Gene 1998;220;1-2;39-44

  • Human CLAPS2 encoding AP17, a small chain of the clathrin-associated protein complex: cDNA cloning and chromosomal assignment to 19q13.2-->q13.3.

    Winterpacht A, Endele S, Enklaar T, Fuhry M and Zabel B

    Children's Hospital, University of Mainz, Germany. winni@winni.kinder.klinik.uni-mainz.de

    We have cloned the cDNA for the human homolog of the rat AP17 gene, a small chain of the clathrin-associated protein complex AP-2. The cDNA is highly conserved between rat and human. Human AP17, gene symbol CLAPS2 (clathrin-associated/assembly/adaptor protein, small 3, 17 kDa), was assigned to chromosome region 19q13.2-->q13.3.

    Cytogenetics and cell genetics 1996;75;2-3;132-5

  • Targeting signals and subunit interactions in coated vesicle adaptor complexes.

    Page LJ and Robinson MS

    Department of Clinical Biochemistry, University of Cambridge, Addenbrooke's Hospital, England.

    There are two clathrin-coated vesicle adaptor complexes in the cell, one associated with the plasma membrane and one associated with the TGN. The subunit composition of the plasma membrane adaptor complex is alpha-adaptin, beta-adaptin, AP50, and AP17; while that of the TGN adaptor complex is gamma-adaptin, beta'-adaptin, AP47, and AP19. To search for adaptor targeting signals, we have constructed chimeras between alpha-adaptin and gamma-adaptin within their NH2-terminal domains. We have identified stretches of sequence in the two proteins between amino acids approximately 130 and 330-350 that are essential for targeting. Immunoprecipitation reveals that this region determines whether a construct coassemblies with AP50 and AP17, or with AP47 and AP19. These observations suggest that these other subunits may play an important role in targeting. In contrast, beta- and beta'-adaptins are clearly not involved in this event. Chimeras between the alpha- and gamma-adaptin COOH-terminal domains reveal the presence of a second targeting signal. We have further investigated the interactions between the adaptor subunits using the yeast two-hybrid system. Interactions can be detected between the beta/beta'-adaptins and the alpha/gamma-adaptins, between the beta/beta'-adaptins and the AP50/AP47 subunits, between alpha-adaptin and AP17, and between gamma-adaptin and AP19. These results indicate that the adaptor subunits act in concert to target the complex to the appropriate membrane.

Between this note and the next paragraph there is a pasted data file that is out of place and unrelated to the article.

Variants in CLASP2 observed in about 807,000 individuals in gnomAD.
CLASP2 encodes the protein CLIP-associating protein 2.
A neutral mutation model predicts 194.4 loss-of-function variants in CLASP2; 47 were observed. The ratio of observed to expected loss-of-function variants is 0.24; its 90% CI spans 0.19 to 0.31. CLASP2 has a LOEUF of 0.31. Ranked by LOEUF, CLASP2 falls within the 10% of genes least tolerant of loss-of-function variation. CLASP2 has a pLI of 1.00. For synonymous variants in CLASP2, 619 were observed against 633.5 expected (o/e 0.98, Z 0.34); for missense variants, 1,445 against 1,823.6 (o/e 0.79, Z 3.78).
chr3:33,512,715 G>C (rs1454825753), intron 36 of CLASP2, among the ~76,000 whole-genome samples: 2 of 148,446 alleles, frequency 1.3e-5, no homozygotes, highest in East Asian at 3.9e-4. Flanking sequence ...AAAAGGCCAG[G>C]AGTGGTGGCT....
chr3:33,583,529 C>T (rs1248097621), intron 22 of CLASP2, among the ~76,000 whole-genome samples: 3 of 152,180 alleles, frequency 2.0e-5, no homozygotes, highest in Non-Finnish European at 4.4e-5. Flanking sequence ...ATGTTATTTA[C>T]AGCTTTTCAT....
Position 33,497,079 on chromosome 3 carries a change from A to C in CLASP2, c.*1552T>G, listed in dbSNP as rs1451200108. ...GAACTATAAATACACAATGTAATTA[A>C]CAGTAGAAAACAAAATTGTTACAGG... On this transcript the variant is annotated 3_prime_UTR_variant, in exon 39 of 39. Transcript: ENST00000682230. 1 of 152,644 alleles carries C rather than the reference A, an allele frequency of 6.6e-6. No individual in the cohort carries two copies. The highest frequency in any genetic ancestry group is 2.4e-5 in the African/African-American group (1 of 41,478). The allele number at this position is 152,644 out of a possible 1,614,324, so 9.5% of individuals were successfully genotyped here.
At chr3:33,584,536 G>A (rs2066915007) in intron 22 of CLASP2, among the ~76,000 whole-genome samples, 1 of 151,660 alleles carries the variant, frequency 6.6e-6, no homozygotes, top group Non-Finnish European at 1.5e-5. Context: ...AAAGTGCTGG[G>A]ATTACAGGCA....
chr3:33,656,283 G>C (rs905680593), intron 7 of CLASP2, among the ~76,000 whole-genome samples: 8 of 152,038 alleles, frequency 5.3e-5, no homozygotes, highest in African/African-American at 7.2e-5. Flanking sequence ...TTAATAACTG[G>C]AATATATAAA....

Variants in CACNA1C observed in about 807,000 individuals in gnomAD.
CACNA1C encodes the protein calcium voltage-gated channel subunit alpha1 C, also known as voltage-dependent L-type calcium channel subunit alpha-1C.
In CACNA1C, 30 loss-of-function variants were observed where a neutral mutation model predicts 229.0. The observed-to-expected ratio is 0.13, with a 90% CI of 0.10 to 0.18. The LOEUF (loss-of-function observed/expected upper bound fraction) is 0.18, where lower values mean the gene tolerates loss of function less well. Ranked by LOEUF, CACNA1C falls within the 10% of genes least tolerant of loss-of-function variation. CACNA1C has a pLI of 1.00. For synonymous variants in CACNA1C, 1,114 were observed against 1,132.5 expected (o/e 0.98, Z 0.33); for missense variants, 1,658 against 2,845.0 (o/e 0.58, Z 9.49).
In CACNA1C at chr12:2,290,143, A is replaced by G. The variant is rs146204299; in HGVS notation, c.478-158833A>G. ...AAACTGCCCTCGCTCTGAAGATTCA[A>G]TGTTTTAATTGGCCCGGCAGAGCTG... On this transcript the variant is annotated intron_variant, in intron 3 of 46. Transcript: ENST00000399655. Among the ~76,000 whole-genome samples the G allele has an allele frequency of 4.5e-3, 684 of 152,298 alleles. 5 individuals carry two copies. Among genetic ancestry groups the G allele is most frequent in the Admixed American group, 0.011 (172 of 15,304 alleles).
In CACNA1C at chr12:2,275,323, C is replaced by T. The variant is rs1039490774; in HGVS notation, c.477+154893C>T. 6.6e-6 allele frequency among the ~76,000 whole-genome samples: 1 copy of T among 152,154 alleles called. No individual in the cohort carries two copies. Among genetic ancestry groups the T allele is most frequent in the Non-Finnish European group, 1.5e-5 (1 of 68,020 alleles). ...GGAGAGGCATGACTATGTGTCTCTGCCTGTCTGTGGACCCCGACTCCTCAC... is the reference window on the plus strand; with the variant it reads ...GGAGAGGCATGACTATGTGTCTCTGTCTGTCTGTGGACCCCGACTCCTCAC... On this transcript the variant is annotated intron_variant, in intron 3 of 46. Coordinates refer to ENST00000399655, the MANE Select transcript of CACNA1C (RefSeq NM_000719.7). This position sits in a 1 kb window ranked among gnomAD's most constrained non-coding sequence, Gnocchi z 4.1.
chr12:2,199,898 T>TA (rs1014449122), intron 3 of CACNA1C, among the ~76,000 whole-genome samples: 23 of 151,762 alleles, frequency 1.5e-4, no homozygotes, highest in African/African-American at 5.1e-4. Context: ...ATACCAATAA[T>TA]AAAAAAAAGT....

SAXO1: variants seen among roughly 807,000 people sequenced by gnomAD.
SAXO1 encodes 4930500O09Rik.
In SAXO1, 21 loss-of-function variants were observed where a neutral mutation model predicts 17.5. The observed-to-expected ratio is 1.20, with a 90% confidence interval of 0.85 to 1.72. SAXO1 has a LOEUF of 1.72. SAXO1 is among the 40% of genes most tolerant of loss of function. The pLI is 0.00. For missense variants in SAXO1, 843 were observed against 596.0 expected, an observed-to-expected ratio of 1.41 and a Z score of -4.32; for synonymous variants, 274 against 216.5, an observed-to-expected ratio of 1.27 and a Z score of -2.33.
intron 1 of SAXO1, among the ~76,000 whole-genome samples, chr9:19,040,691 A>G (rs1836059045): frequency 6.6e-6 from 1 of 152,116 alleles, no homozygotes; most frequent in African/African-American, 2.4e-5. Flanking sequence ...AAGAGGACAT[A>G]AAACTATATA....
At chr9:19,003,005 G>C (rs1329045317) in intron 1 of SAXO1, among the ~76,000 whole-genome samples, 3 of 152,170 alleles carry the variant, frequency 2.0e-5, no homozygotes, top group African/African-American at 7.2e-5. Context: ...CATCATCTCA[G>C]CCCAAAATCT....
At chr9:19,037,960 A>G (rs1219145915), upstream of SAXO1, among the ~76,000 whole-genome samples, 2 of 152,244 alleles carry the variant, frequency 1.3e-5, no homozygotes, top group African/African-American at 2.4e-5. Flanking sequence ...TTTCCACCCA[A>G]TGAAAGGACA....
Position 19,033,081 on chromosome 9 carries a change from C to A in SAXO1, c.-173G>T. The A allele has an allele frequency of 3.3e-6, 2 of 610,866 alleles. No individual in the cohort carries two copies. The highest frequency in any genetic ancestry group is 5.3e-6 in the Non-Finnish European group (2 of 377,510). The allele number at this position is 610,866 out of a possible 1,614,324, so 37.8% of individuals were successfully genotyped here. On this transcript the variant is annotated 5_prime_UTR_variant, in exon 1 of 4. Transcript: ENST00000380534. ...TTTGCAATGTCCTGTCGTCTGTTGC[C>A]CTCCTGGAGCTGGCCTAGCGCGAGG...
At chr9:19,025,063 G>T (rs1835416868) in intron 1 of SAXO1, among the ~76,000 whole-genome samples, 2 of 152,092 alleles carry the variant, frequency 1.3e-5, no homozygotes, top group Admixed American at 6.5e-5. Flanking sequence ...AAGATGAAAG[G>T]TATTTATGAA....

Funded by: Wellcome Trust

    The Journal of cell biology 1995;131;3;619-30

  • AP17 and AP19, the mammalian small chains of the clathrin-associated protein complexes show homology to Yap17p, their putative homolog in yeast.